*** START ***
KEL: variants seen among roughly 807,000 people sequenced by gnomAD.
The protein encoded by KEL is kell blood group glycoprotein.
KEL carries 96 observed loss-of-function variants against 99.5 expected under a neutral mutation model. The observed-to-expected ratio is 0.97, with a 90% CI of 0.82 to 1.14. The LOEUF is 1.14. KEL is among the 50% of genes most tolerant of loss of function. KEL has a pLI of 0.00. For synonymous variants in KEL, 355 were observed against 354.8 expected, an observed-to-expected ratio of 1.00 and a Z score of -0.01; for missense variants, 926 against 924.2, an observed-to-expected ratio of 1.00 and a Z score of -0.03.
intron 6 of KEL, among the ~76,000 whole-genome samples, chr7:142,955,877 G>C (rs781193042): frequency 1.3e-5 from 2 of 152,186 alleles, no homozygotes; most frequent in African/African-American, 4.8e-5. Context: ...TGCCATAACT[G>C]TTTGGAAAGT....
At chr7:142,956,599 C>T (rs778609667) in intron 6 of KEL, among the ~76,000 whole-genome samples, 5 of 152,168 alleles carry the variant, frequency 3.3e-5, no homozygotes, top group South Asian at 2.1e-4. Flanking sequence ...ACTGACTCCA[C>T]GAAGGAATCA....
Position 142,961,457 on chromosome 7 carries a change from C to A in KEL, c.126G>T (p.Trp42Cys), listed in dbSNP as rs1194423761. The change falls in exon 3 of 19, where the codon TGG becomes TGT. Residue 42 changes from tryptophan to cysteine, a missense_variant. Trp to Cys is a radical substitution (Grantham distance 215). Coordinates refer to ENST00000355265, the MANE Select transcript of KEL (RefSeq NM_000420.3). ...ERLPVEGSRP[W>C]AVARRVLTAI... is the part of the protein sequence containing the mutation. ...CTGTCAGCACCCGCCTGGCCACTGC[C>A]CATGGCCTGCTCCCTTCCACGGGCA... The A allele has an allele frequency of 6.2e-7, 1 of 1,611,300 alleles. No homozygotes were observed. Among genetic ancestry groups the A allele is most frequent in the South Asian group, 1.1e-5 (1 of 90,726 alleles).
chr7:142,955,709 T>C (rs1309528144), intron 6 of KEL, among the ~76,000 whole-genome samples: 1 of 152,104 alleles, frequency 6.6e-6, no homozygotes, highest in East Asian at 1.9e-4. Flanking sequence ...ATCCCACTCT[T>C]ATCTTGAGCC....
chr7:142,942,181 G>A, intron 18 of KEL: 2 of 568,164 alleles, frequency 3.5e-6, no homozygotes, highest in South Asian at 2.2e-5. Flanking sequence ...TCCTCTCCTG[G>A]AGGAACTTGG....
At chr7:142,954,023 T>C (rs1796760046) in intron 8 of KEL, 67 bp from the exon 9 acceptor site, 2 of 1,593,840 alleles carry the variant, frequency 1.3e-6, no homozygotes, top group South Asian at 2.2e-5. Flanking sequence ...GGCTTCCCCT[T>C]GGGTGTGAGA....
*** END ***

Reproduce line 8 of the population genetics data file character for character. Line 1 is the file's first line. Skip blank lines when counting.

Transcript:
chr7:142,942,181 G>A, intron 18 of KEL: 2 of 568,164 alleles, frequency 3.5e-6, no homozygotes, highest in South Asian at 2.2e-5. Flanking sequence ...TCCTCTCCTG[G>A]AGGAACTTGG....